While these days, all eyes are on 5G for the next big advance in communications development, the users are still working with 4G LTE—or less in some cases—and eager for advancement nonetheless. Recently, Nokia got together with Russian telecom firm MTS (News - Alert) to bolster 4G operations in Moscow, a development that's delivering some impressive results.
The duo have brought out frequency division duplex and time division duplex to yield FDD-TDD carrier aggregation, bringing a new power to the commercial LTE (News - Alert) network in Moscow. This first commercial deployment is bringing out amazing speeds, with some subscribers seeing data speeds reach 187 Mbps, a development that far surpasses top speeds seen on both FDD-LTE at 75 Mbps on a 10 MHz band and TD-LTE, which yielded 112 Mbps.
Using a combination of Nokia (News - Alert)'s Flexi Multiradio 10 Base Station and appropriate software to drive the whole affair, the FDD-TDD carrier aggregation system could generate the speeds noted previously. When demonstrating the technology further, it was found that 25 MHz of spectrum was aggregated across several bands: the FDD 1800 at 10 MHz, the FDD 2600 at 10 MHz, and the FDD 800 at five MHz.
Following the testing, MTS' vice president and chief technology officer Andrey Ushatsky commented “We are continuously working to increase the quality and availability of our LTE services and cooperating with Nokia enables us to provide innovative and reliable services to our subscribers. Unique for Russia, FDD-TDD carrier aggregation functionality will let us increase average access speeds for flagship smartphones by 1.5-2 fold. This technology is important as its further implementation in Russia will help increase the efficiency of frequency resource use.”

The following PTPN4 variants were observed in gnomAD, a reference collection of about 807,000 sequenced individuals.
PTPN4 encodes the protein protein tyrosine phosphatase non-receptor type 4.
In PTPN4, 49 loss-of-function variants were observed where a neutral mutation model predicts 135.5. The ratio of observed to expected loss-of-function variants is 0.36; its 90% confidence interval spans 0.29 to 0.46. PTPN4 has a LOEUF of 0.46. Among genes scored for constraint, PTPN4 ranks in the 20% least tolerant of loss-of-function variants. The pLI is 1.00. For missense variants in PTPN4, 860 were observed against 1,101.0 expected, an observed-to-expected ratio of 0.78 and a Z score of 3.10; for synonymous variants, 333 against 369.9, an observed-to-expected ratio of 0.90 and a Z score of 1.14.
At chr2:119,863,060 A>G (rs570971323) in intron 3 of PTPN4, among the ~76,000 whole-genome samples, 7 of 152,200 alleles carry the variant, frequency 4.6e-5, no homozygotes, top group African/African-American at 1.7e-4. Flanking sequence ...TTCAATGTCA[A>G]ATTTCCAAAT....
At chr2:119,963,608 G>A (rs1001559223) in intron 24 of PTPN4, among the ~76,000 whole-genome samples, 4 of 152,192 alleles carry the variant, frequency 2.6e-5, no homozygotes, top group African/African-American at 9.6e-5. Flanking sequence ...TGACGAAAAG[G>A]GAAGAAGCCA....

While 5G is a terrific thing, and by all accounts well worth looking forward to, it's still around three years until the first commercial rollouts begin. We need to augment 4G as best we can to address the ever-growing demand for bandwidth that the market is generating or risk falling behind altogether. With streaming video, cloud-based applications and video conferencing only on the rise, we must have more bandwidth to allow all these developments to be put in place. Now is not the time for cries of poverty and insistence that only allowing users a certain amount of bandwidth every month is what's best for the network.
We need to expand, not contract, and as Google (News - Alert) Fiber has demonstrated several times, competitors can walk right into this market and run it with simple promises of truly unlimited data. Improving 4G with technology like FDD-TDD is a great start, as Moscow’s implementation demonstrates.
Edited by Peter Bernstein